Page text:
Queensland's coal miners are crying poor, saying any royalties hike in next month's state budget will kick them while they're down.
Treasurer Tim Nicholls last week suggested a hike was on the cards to help boost revenue by $1 billion over three years and return the budget to surplus by 2014/15.
But the Queensland Resources Council says the state's coal producers can ill afford a royalties increase.
"Of course ... industry's preference is to be delivering that revenue through growth in volumes, not by an increase in royalty rates," chief executive Michael Roche said in a speech at a coal industry event in Brisbane on Monday.
"The bottom line in 2012 is that many Queensland coal producers are now generating cash losses."
Mr Roche said Queensland miners paid the third highest tax rate of comparable coal jurisdictions and were already globally uncompetitive.
He cited the carbon tax, the mining tax, the soaring cost of materials and unsustainably high wages driven by a skills shortage.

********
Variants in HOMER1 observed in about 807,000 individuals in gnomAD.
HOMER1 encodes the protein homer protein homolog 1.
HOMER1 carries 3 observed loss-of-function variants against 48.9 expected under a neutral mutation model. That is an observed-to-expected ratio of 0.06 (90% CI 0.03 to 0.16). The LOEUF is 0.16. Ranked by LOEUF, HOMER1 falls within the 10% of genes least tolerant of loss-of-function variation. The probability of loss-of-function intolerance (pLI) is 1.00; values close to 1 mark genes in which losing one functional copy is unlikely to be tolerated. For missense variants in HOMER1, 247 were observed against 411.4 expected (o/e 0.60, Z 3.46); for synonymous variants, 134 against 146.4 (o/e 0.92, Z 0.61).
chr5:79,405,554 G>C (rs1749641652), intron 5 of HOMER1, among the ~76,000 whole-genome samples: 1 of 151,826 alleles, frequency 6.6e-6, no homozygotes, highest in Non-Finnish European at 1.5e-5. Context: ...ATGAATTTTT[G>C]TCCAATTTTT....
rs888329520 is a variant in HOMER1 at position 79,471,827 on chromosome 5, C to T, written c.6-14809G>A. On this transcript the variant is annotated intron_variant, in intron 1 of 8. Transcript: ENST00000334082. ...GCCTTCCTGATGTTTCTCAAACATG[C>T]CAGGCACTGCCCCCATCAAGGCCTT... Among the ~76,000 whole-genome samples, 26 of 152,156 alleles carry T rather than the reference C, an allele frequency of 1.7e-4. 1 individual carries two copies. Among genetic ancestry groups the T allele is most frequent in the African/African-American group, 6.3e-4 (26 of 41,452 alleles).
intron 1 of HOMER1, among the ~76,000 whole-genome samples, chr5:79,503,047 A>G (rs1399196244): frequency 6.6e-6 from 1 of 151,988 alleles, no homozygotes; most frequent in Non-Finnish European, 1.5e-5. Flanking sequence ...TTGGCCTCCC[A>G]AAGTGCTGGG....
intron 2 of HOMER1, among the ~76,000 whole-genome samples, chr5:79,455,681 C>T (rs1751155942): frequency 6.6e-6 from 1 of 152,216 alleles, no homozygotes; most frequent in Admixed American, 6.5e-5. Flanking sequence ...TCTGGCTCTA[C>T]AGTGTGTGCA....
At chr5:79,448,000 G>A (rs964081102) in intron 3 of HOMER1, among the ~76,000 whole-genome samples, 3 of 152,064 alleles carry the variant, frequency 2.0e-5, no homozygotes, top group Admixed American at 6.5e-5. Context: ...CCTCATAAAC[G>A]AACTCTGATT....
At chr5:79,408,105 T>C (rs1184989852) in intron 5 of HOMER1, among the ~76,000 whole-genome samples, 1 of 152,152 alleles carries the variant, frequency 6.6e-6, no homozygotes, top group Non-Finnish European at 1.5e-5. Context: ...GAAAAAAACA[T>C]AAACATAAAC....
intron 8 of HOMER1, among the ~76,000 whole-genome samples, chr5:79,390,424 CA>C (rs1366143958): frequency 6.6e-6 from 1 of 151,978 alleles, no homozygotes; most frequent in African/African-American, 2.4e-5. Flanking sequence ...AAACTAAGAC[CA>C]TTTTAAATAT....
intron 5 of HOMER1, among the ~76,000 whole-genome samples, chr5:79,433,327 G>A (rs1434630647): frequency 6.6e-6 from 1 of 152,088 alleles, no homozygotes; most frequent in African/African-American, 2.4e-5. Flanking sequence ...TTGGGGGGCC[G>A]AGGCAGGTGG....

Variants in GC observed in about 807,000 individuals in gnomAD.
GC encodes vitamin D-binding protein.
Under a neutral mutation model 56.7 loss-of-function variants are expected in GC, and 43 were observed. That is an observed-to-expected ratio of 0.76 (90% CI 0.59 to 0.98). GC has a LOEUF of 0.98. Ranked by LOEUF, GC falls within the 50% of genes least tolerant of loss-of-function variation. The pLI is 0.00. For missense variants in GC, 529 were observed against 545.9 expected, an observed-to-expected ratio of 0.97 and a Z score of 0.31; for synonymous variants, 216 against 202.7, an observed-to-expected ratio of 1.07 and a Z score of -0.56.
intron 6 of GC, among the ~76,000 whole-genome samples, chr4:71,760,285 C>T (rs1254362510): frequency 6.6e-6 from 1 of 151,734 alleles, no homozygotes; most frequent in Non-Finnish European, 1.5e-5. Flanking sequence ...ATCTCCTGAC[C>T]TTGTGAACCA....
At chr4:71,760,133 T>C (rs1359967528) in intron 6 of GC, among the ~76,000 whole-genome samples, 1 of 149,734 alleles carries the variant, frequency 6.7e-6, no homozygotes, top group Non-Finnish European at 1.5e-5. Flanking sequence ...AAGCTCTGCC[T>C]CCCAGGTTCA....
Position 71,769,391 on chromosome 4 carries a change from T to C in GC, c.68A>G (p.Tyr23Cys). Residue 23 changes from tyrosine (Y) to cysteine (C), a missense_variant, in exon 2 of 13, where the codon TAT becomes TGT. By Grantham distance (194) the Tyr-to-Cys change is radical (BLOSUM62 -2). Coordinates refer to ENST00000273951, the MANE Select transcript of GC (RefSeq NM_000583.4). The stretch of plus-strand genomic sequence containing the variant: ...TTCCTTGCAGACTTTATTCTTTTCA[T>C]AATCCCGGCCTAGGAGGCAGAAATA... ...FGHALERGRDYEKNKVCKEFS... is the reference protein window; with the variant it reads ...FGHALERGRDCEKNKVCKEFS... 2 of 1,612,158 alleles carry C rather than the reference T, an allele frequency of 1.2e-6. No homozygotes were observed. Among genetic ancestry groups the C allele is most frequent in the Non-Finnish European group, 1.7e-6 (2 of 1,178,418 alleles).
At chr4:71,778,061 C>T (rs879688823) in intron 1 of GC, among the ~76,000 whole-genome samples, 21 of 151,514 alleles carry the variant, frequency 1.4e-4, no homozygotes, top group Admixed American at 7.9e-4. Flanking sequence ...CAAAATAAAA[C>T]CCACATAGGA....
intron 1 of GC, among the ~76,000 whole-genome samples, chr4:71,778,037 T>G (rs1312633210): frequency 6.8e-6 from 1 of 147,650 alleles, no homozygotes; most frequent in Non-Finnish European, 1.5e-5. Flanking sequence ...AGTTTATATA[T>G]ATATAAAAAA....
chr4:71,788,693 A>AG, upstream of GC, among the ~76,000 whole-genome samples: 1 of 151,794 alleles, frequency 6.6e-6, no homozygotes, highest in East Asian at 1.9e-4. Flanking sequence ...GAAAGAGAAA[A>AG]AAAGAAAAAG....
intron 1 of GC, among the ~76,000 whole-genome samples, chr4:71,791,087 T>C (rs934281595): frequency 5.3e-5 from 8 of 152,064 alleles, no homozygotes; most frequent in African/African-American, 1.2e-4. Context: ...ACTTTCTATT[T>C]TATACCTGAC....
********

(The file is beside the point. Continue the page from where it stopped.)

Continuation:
The Queensland industry was also still feeling the effects of natural disasters, Mr Roche said.
The main coal-producing regions lost about $7 billion in sales as a result of floods and Cyclone Yasi, which struck in January 2011.
It gave US producers a chance to steal six per cent of Queensland's global market share.
Mr Roche said Queensland coal mines were still holding enormous amounts of water, 19 months on from the floods, and that was also affecting production.
Producers want permission to dump diluted pit water this wet season, and over seasons to come, so production can return to full capacity.
Mr Roche called on the state government to help the industry boost production rather than deliver another hit in the form of a royalties hike.